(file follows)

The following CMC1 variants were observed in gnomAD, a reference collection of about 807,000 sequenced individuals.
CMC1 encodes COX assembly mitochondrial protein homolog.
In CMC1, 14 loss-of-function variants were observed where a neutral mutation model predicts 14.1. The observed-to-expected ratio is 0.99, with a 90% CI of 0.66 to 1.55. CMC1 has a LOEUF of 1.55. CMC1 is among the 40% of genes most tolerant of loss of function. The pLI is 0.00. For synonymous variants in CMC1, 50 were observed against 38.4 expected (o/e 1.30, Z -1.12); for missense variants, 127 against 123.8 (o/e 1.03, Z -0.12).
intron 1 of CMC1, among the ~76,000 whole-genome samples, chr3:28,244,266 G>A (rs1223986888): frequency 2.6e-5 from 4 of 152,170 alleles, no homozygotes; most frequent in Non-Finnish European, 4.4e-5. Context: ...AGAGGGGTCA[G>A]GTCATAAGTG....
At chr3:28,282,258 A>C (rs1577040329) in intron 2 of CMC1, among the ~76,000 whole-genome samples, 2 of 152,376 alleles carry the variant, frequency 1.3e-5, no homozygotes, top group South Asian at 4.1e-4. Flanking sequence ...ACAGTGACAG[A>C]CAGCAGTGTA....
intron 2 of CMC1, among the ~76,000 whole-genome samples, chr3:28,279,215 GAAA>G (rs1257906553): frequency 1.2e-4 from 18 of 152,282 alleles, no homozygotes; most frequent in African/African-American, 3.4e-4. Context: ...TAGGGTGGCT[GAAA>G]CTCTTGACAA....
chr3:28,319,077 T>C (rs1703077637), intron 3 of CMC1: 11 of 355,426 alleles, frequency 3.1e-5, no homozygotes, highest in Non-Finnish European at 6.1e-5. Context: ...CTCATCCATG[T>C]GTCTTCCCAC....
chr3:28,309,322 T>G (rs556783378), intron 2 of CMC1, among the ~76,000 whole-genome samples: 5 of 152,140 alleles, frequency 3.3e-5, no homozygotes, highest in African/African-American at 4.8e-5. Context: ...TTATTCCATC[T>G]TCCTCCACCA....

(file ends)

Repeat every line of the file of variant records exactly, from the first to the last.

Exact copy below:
The following CMC1 variants were observed in gnomAD, a reference collection of about 807,000 sequenced individuals.
CMC1 encodes COX assembly mitochondrial protein homolog.
In CMC1, 14 loss-of-function variants were observed where a neutral mutation model predicts 14.1. The observed-to-expected ratio is 0.99, with a 90% CI of 0.66 to 1.55. CMC1 has a LOEUF of 1.55. CMC1 is among the 40% of genes most tolerant of loss of function. The pLI is 0.00. For synonymous variants in CMC1, 50 were observed against 38.4 expected (o/e 1.30, Z -1.12); for missense variants, 127 against 123.8 (o/e 1.03, Z -0.12).
intron 1 of CMC1, among the ~76,000 whole-genome samples, chr3:28,244,266 G>A (rs1223986888): frequency 2.6e-5 from 4 of 152,170 alleles, no homozygotes; most frequent in Non-Finnish European, 4.4e-5. Context: ...AGAGGGGTCA[G>A]GTCATAAGTG....
At chr3:28,282,258 A>C (rs1577040329) in intron 2 of CMC1, among the ~76,000 whole-genome samples, 2 of 152,376 alleles carry the variant, frequency 1.3e-5, no homozygotes, top group South Asian at 4.1e-4. Flanking sequence ...ACAGTGACAG[A>C]CAGCAGTGTA....
intron 2 of CMC1, among the ~76,000 whole-genome samples, chr3:28,279,215 GAAA>G (rs1257906553): frequency 1.2e-4 from 18 of 152,282 alleles, no homozygotes; most frequent in African/African-American, 3.4e-4. Context: ...TAGGGTGGCT[GAAA>G]CTCTTGACAA....
chr3:28,319,077 T>C (rs1703077637), intron 3 of CMC1: 11 of 355,426 alleles, frequency 3.1e-5, no homozygotes, highest in Non-Finnish European at 6.1e-5. Context: ...CTCATCCATG[T>C]GTCTTCCCAC....
chr3:28,309,322 T>G (rs556783378), intron 2 of CMC1, among the ~76,000 whole-genome samples: 5 of 152,140 alleles, frequency 3.3e-5, no homozygotes, highest in African/African-American at 4.8e-5. Context: ...TTATTCCATC[T>G]TCCTCCACCA....